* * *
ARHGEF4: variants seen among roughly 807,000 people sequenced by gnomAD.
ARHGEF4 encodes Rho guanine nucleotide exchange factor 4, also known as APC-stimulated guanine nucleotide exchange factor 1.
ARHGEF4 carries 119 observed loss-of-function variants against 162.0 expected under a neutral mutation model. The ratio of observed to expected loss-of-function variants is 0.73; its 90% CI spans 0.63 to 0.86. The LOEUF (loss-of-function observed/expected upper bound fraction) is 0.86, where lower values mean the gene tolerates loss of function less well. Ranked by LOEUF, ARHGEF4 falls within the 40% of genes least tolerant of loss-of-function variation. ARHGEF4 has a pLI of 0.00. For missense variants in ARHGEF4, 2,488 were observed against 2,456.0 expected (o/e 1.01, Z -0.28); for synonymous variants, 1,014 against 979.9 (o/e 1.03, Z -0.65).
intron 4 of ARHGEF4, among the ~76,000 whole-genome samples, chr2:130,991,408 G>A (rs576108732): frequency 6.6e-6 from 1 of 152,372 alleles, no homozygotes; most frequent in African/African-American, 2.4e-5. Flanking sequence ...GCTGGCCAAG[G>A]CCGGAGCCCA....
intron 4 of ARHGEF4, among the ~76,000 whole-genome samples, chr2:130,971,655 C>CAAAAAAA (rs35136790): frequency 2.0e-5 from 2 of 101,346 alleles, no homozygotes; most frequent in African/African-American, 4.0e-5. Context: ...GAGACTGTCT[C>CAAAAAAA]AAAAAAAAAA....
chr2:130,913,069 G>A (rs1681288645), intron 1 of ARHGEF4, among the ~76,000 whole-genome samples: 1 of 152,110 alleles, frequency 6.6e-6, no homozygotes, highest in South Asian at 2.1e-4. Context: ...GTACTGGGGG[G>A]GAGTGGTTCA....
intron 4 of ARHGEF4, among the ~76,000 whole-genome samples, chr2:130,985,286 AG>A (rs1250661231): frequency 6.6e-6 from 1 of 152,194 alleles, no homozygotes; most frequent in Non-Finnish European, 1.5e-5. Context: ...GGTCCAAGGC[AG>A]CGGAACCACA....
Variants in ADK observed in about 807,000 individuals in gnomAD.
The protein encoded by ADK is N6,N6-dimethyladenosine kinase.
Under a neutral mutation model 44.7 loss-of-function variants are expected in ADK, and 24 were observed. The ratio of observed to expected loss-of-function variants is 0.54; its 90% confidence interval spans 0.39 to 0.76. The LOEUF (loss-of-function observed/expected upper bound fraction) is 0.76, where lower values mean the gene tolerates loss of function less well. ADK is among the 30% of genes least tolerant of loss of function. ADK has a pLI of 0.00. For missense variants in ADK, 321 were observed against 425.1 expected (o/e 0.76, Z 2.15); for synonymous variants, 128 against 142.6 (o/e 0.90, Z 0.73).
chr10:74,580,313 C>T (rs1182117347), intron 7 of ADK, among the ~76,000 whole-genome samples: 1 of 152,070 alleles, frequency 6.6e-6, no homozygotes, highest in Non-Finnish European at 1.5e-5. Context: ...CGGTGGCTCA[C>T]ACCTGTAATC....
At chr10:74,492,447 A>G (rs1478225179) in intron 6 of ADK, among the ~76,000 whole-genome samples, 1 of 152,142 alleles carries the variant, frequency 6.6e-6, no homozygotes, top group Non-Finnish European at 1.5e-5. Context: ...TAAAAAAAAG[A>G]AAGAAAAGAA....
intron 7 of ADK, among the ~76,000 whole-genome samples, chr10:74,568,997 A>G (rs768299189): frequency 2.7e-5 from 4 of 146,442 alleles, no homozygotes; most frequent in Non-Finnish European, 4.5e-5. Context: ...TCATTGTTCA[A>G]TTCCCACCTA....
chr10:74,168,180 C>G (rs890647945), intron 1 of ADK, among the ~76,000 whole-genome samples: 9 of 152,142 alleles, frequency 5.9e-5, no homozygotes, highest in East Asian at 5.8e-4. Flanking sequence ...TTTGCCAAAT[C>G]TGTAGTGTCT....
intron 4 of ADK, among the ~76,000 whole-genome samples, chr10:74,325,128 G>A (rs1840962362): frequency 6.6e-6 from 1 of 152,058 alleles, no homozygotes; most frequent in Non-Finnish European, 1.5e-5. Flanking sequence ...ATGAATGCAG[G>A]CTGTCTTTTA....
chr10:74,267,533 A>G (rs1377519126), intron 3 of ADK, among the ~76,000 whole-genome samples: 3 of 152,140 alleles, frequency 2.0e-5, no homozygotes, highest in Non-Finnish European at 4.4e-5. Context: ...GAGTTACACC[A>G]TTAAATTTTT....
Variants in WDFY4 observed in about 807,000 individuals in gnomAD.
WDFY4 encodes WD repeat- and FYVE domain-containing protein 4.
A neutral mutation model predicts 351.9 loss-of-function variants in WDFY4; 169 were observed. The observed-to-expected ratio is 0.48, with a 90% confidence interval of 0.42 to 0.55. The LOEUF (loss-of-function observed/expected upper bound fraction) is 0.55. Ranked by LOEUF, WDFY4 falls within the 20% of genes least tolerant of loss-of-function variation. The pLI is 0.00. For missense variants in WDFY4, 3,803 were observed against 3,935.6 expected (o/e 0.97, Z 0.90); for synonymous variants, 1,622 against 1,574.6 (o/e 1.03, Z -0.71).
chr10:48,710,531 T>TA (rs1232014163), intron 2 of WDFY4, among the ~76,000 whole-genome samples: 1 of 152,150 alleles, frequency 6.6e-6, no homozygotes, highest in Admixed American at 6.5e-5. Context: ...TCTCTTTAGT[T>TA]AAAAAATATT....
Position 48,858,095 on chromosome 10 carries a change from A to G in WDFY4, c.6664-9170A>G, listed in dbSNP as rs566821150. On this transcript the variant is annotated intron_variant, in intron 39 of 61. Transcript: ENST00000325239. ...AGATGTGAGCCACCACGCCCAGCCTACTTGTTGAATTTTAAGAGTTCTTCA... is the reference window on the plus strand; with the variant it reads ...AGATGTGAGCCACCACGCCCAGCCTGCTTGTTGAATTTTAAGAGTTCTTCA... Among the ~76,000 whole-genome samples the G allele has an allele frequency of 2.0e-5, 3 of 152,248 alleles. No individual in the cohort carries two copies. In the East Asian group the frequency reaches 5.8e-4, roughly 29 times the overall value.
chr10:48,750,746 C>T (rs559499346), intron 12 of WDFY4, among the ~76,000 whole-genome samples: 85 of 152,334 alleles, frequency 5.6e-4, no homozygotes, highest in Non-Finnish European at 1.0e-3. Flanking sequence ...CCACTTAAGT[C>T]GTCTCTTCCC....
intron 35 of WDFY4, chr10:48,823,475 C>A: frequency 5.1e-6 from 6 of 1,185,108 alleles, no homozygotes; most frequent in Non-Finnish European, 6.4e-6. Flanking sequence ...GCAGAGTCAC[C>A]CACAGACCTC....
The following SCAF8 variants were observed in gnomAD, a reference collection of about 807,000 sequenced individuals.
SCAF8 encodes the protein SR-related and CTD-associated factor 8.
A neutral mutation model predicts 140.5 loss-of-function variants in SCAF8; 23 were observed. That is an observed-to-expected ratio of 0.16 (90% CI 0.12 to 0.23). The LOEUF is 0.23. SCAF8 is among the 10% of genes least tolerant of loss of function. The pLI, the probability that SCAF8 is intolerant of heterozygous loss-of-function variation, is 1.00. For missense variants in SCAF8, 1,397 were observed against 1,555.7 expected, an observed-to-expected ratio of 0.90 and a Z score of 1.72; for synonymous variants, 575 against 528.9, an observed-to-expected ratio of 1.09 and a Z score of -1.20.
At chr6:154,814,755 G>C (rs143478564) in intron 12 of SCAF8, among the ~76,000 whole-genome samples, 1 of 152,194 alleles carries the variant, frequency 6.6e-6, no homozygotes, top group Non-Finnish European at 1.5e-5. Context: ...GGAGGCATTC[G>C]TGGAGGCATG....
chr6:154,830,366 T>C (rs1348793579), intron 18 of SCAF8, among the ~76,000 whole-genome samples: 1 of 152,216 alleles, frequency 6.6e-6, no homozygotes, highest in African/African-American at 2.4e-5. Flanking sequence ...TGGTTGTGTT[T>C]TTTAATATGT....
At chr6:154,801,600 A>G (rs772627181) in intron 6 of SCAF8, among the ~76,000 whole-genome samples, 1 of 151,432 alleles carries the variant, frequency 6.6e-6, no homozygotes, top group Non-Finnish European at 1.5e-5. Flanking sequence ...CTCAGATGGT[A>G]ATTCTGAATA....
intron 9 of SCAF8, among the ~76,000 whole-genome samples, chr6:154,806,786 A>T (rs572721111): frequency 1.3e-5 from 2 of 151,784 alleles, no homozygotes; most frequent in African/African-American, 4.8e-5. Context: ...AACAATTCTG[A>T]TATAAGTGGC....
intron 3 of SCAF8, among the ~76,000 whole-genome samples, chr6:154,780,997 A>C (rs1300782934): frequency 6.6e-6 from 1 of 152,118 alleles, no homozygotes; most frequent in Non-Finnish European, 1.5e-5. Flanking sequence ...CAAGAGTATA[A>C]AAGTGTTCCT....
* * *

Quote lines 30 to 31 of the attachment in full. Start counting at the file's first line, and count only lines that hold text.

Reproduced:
intron 9 of SCAF8, among the ~76,000 whole-genome samples, chr6:154,806,786 A>T (rs572721111): frequency 1.3e-5 from 2 of 151,784 alleles, no homozygotes; most frequent in African/African-American, 4.8e-5. Context: ...AACAATTCTG[A>T]TATAAGTGGC....
intron 3 of SCAF8, among the ~76,000 whole-genome samples, chr6:154,780,997 A>C (rs1300782934): frequency 6.6e-6 from 1 of 152,118 alleles, no homozygotes; most frequent in Non-Finnish European, 1.5e-5. Flanking sequence ...CAAGAGTATA[A>C]AAGTGTTCCT....